CNCHnet . . . The Textile Arts Webzine of the Conference of Northern California Handweavers

A Trek from Trash to Textile

It’s so satisfying to re-use old materials to create something new and useful, and it’s even more exciting when what you’ve created falls into the category of glamorous evening accessory! Gudrun Polak’s handwoven evening bag is a case in point, which many CNCH conference-goers got the chance to see in person last May at Squaw Valley. Gudrun is a member of the Santa Cruz Handweavers Guild.

magtape evening bag

Obsolescence to Elegance: Magnetic Tape Evening Bag

The recycled material Gudrun utilized is the old 8mm magnetic tape, now so outdated that perhaps there are young techies out there who’ve never even seen it! Back in the 1980’s, 8mm videotape was considered the cutting edge of home “Handy Cam Hi8” technology, and was also used for computers and professional video. Although no longer manufactured, it is still widely available.

For this project, Gudrun used the material for both warp and weft and wove a 3-selvedge textile measuring 7 X 20 inches. 8 mm tape has good tensile strength, while wider tape is better just for weft. As you can see by the picture, it has a dazzling look when woven. Gudrun wove the main part of the handbag on the loom, but she didn’t stop there, adding a zigzag band braided on a square disc and a tablet-woven handle. A truly original piece of upscale upcycling.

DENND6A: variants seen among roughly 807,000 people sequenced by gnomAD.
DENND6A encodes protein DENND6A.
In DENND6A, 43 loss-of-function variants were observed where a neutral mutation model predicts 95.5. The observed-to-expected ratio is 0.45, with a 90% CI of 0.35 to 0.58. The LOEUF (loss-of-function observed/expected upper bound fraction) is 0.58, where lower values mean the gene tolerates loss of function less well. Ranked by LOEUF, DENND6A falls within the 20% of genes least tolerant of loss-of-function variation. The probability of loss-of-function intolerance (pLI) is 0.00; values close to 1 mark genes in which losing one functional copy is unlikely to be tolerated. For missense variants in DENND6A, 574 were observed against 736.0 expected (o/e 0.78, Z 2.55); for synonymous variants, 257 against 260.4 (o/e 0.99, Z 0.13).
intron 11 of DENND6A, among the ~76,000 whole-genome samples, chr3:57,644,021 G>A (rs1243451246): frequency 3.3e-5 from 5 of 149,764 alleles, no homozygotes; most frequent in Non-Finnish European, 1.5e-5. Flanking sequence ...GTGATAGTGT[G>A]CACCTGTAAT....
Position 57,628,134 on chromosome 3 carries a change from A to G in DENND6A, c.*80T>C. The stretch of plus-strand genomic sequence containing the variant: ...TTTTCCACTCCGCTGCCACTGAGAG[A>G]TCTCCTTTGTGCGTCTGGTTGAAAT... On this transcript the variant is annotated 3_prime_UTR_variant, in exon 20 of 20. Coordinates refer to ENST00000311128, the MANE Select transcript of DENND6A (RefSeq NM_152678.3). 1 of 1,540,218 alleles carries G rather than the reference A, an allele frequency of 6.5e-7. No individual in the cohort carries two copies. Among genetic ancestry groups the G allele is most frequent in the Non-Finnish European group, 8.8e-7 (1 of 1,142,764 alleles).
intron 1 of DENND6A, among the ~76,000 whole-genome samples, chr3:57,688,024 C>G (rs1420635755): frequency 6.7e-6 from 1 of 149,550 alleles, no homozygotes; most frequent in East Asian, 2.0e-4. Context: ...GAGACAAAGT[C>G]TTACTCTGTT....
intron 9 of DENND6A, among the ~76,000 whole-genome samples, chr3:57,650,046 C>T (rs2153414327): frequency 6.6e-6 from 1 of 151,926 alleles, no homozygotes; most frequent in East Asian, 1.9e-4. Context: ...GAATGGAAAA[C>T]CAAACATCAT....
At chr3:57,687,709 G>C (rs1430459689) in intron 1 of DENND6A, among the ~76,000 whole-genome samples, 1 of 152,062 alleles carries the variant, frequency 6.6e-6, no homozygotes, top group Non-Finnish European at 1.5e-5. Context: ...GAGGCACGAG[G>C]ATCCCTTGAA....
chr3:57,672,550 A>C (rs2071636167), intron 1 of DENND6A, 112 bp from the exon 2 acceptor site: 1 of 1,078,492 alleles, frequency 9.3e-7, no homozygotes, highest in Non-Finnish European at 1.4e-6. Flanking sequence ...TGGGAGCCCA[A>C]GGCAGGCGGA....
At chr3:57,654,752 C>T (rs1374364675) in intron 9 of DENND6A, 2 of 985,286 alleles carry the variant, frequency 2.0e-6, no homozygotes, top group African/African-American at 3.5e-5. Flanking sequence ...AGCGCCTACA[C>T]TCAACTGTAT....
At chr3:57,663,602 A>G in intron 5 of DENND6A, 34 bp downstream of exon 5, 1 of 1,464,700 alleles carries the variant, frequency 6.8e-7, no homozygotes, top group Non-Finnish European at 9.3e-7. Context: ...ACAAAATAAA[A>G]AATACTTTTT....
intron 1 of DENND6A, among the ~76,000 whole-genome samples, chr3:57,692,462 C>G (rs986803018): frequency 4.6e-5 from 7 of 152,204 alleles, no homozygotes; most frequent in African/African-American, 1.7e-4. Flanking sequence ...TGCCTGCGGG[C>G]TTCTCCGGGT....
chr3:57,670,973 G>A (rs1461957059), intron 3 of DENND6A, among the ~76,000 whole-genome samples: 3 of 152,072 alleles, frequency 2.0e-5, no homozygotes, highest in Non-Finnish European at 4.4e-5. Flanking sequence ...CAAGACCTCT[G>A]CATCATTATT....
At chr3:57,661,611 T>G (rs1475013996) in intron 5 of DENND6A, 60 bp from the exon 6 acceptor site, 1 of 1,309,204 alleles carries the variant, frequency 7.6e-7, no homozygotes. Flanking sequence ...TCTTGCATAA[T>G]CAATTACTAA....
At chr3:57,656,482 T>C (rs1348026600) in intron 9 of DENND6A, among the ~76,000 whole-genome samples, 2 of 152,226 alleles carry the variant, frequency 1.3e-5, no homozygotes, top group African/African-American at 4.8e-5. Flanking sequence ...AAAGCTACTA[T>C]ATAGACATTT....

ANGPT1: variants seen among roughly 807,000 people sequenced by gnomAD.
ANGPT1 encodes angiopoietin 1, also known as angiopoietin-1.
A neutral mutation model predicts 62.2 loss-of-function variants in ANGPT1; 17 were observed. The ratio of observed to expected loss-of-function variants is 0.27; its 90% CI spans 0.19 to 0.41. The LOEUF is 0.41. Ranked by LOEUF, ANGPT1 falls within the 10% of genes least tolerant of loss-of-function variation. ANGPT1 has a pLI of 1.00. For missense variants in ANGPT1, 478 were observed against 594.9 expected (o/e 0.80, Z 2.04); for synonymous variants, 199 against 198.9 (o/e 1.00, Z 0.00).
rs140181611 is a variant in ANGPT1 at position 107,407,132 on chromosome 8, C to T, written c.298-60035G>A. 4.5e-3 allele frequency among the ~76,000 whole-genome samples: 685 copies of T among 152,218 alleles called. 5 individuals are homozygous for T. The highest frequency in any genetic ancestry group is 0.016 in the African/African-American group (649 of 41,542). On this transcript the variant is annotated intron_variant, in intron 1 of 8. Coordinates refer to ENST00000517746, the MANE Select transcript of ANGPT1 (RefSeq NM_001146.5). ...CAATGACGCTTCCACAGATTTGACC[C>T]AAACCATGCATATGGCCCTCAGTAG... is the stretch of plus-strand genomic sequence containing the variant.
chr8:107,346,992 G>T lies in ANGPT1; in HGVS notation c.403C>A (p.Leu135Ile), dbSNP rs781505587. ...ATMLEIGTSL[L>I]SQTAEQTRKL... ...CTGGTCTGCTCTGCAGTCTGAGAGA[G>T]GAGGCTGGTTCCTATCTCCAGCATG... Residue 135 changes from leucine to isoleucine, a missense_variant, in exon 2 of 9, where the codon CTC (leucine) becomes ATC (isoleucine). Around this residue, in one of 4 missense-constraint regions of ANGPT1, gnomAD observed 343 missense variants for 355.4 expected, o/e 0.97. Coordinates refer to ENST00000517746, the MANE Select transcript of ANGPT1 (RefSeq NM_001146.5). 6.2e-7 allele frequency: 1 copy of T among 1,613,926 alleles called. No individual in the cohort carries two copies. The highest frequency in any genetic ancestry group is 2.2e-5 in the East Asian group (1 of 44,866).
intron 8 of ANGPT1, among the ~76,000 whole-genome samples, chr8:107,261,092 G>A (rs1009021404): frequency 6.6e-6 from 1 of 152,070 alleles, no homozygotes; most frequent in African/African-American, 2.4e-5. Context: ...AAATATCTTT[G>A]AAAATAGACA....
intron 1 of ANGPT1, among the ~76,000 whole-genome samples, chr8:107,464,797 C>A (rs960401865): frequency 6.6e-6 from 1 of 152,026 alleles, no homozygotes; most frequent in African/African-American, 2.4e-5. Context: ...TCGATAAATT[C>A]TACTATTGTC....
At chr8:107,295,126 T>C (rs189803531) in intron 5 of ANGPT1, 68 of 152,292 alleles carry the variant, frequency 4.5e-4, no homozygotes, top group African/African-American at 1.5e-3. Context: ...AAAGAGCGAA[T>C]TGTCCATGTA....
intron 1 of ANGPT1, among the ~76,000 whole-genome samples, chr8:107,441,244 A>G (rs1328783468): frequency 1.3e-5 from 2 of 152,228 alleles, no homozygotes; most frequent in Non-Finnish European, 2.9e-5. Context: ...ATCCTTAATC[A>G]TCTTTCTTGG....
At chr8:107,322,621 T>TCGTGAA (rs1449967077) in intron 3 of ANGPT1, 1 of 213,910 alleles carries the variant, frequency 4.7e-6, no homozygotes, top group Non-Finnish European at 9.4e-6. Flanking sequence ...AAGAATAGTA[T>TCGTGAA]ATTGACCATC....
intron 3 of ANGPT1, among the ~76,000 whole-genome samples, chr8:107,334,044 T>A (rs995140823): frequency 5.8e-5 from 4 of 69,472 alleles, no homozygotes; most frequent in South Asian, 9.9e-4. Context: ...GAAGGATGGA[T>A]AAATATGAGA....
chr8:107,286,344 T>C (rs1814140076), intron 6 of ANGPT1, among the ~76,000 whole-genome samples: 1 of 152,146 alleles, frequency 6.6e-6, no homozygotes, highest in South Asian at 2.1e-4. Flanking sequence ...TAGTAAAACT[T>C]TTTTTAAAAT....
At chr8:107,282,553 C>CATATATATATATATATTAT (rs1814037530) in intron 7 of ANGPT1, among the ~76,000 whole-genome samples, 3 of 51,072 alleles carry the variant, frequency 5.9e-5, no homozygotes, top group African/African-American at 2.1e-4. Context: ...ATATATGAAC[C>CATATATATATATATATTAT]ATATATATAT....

You can really appreciate the reflective quality of magnetic tape in Gudrun’s table runner, using half-inch computer tape.

 table runner

Table Runner: Computer tape adds an almost water-like reflectivity

Gudrun used some artistic strategy here. Taking advantage of the contrasting  sides of half-inch tape in her design, she chose a Fibonacci striping sequence to utilize  both the matte and the shiny sides of the tape. She used linen picks to stabilize the weaving, and finished off the bottom with so-called graphite donuts — reminiscent of core memory from computer days of yore!   A little care has to be taken when weaving with this material, because once it’s creased, it stays creased. You can see at the selvedges that Gudrun carefully mitered folds to get around to the next pick.

More and more these days, plastic shopping bags are becoming a thing of the past, too, which is a good thing, environmentally speaking. But while they’re still around, they can be used as Gudrun did, combining them with product labels in a big, quirky wall-hanging.


Spot the logos in this offbeat recycleweave

green peas

green peas


In this interesting technique, Gudrun cut the labels into strips andthey blurred out a bit when woven. When this big3-by-5-foot piece has been on display, it’s been a big hit with kids who try to identify the product trademarks.  Another testimony to our transient times: some labels, like Tower Records, are already nonexistent!  In a three-way play on words, Gudrun calls this piece Green Peas/Green Piece/ Greenpeace!

Funny story: While working on this piece, Gudrun began looking carefully at what’s printed on plastic wrapping. On one toy the wrapper said “Keep away from children!”

As you can see, weaving green can be a superb eco-statement, but it can also go far beyond that, by turning the obscure into objets d’art. And for more of Gudrun’s art, visit her website at

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